Thursday, March 13, 2014

Colors that Pop - Working With Color in Your Life

I had so much fun looking at the Pantone colors with all of you yesterday, I thought I'd take one more day to explore color in a slightly different manner. Color can influence so many things in our lives; primary among those for me is mood. I can change my mood by changing the colors I'm wearing. I make my living with color and I'm very, very good at bringing disparate colors together into harmonious palettes. I watch customers struggle with color every day. I have some suggestions for those of you having difficulty with color palettes.

Step away from your screen and look at this. The colors strike in the order
of that rich golden yellow, then the red which also has an orange undertone
in the car, and finally the green shirt on the driver. Everything else is
neutral and background. The ad, although it has vintage elements, is from 2013. 

Look through the magazines. Don't care about the items or what is being pictured, you're looking for colors. See an ad you like? Tear it out and keep it handy. You don't have to like or recommend the product to love the colors that appear in the ad. People go to school for many years to learn high levels of design which are then used for advertisements. Take advantage of their skills and use them in your own work and wardrobe.

There were many different paintings I could have chosen for color - there are
quite literally millions to choose from. But I chose George Seurat's "A Sunday
Afternoon on the Island of La Grande Jatte" because the colors are so wonderful.
Look at his choices in the lilacs shades closest to the front. Then compare those cool
colors to the warmer reds, oranges and yellows of the sun baked grass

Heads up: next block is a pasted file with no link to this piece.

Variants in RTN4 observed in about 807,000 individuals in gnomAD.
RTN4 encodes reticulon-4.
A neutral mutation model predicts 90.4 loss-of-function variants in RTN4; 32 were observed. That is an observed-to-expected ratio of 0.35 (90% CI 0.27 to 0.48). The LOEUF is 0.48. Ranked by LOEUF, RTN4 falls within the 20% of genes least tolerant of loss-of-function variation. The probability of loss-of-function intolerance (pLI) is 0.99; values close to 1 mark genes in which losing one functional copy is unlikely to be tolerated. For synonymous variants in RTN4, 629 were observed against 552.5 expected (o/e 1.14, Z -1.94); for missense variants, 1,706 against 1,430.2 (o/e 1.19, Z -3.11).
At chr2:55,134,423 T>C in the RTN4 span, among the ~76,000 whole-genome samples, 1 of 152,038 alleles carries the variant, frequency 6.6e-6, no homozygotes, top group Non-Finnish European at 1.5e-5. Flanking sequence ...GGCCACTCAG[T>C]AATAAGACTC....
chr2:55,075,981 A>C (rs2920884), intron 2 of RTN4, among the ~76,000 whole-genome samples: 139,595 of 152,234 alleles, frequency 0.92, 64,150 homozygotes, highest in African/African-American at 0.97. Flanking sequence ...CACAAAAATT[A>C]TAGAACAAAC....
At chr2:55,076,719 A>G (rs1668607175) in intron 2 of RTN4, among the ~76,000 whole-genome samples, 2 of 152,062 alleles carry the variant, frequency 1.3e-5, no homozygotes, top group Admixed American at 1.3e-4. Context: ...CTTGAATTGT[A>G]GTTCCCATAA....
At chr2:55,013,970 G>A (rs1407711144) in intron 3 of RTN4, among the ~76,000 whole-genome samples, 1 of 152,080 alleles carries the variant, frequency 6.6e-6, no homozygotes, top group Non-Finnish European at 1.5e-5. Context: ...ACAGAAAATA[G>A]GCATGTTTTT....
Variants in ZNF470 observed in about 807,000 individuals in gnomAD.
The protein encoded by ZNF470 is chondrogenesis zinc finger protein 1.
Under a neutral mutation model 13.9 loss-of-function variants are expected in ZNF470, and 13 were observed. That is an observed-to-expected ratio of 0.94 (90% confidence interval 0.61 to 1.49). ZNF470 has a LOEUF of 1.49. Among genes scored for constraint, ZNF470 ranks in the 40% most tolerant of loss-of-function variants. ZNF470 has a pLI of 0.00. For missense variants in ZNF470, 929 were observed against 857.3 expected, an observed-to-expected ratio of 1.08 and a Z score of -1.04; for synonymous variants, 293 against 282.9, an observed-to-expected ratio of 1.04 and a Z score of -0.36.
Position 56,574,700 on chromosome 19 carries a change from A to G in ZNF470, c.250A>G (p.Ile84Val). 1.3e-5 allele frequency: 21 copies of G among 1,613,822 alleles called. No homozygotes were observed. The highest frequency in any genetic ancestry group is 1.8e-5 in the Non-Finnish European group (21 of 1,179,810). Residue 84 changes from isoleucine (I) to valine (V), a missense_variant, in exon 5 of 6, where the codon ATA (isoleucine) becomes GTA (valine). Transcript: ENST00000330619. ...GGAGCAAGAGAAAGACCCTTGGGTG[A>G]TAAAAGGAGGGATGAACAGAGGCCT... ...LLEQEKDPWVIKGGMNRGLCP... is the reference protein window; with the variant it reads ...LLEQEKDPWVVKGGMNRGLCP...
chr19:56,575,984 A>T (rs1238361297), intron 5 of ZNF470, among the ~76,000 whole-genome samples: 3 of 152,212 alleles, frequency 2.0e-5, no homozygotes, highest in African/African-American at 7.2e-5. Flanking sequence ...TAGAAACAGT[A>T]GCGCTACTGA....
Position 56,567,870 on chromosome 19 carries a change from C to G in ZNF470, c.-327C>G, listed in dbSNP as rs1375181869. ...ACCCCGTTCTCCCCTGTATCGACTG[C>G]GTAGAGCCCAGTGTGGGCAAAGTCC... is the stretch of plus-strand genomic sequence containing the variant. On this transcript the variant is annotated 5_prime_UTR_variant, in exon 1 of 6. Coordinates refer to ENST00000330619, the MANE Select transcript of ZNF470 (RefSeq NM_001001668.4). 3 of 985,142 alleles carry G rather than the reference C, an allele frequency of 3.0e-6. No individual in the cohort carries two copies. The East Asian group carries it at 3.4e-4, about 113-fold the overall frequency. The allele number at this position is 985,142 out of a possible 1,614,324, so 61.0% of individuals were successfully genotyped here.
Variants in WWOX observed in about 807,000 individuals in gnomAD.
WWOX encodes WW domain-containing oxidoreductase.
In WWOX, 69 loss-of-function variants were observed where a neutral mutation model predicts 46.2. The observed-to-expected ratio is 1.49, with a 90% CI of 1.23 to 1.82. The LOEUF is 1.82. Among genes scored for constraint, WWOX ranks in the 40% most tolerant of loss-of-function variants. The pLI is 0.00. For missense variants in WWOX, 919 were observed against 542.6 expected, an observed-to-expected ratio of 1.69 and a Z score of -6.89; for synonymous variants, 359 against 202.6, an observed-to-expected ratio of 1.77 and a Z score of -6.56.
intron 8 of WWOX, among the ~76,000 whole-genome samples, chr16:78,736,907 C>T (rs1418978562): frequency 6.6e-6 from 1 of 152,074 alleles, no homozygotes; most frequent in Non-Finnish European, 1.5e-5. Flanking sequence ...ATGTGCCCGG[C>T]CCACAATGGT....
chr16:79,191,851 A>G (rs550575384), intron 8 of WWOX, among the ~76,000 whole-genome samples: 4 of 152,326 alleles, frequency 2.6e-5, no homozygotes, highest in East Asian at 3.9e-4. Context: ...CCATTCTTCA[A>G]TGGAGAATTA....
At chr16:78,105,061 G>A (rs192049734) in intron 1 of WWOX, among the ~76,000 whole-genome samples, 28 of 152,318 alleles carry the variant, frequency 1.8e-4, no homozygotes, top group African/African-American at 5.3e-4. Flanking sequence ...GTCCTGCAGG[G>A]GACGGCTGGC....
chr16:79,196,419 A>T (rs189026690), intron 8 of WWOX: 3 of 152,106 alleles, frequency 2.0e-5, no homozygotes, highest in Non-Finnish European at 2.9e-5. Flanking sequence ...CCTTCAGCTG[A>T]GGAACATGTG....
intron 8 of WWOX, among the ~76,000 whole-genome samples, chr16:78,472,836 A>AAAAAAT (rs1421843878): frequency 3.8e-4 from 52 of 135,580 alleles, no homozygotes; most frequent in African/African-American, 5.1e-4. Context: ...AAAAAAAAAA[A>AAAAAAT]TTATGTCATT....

farther back. It's a masterpiece, and it can help you choose complimentary colors
of your own. 

Do you see a painting that you just love? Maybe it's not just the image, but also the colors used that are pulling you to it. Often an artist will be able to differentiate different levels of color than the viewer. Again - take advantage of his or her expertise and use their palette for your next choice.

A wall of paint chip samples just makes me drool - they are so beautiful
and so well organized and orchestrated. It's like looking at a box of unused
water colors or pastels *sigh*. A lot of people are making 'art' from cut
paint chip samples. To me that's a bit more like kitch than art, but to each his own. 

Can't decide on a shade to go with that perfect blue? But you know you want a lavender or a pink (or choose any other color you desire), visit your local hardware store. Do you see their paint department? It's color heaven. Choose some of the paint chip color cards to take with you. They're free and the colors are bright and vibrant - pure colors, in essence. Often they will help you decide between similar shades when you put them up to your clothing.

The newest colors introduced a month or so ago are Tangerine and
Iridescent Green. Why do they title them 2015 colors when we're
only in year 2014? Because they always position themselves a year
ahead. This gives designers a chance to get the colors into their
pieces and lines well before the color hits the fashion world. 

What to do about your jewelry? I run into this dilemma twice a year when Swarovski introduces their new crystal and pearl colors for Fall/Winter and Spring/Summer (plus - they always announce them a year ahead of when they expect those colors to hit popularity). But after all this time, I've also grown to understand the company. They work in triads. It might take a year or two (or even more) for the triad to become complete, but it always comes together in the end. The newest colors for 2015 Spring/Summer were Tangerine which works beautifully in the Sun to Red Topaz group, and Iridescent Green which shines with Lumine Green and either Light Olivine or Khaki. I'll be recommending these triads to my customers, and when it comes to your clothing, having that third color in a scarf or blouse can sometimes really make the grouping sing.

This lovely cartoon by Marty Coleman, the Napkin Dad, fully expresses
my general feelings about shopping. Thank goodness my own shop deals
with color, technique, and creativity.  

So, on that fashionable note (from someone who actually abhors shopping so much that I don't do new clothes until old ones die), I bid you a wonderfully colorful Thursday.

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